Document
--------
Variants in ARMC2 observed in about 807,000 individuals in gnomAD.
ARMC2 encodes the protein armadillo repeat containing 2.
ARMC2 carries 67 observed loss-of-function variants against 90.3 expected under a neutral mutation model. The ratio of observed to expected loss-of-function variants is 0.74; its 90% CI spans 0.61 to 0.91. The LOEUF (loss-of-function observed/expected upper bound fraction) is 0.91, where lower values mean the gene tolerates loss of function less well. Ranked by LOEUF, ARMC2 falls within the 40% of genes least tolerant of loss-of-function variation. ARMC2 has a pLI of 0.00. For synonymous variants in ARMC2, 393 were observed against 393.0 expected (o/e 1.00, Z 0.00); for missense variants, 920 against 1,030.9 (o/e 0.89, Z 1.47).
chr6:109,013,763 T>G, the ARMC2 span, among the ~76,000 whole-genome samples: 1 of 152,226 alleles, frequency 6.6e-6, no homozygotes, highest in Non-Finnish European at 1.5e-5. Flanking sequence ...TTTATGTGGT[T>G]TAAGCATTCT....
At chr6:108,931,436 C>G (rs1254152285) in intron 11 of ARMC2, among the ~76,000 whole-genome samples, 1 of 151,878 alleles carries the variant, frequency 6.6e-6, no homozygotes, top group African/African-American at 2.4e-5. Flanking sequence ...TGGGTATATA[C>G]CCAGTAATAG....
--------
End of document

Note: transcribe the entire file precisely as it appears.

Variants in ARMC2 observed in about 807,000 individuals in gnomAD.
ARMC2 encodes the protein armadillo repeat containing 2.
ARMC2 carries 67 observed loss-of-function variants against 90.3 expected under a neutral mutation model. The ratio of observed to expected loss-of-function variants is 0.74; its 90% CI spans 0.61 to 0.91. The LOEUF (loss-of-function observed/expected upper bound fraction) is 0.91, where lower values mean the gene tolerates loss of function less well. Ranked by LOEUF, ARMC2 falls within the 40% of genes least tolerant of loss-of-function variation. ARMC2 has a pLI of 0.00. For synonymous variants in ARMC2, 393 were observed against 393.0 expected (o/e 1.00, Z 0.00); for missense variants, 920 against 1,030.9 (o/e 0.89, Z 1.47).
chr6:109,013,763 T>G, the ARMC2 span, among the ~76,000 whole-genome samples: 1 of 152,226 alleles, frequency 6.6e-6, no homozygotes, highest in Non-Finnish European at 1.5e-5. Flanking sequence ...TTTATGTGGT[T>G]TAAGCATTCT....
At chr6:108,931,436 C>G (rs1254152285) in intron 11 of ARMC2, among the ~76,000 whole-genome samples, 1 of 151,878 alleles carries the variant, frequency 6.6e-6, no homozygotes, top group African/African-American at 2.4e-5. Flanking sequence ...TGGGTATATA[C>G]CCAGTAATAG....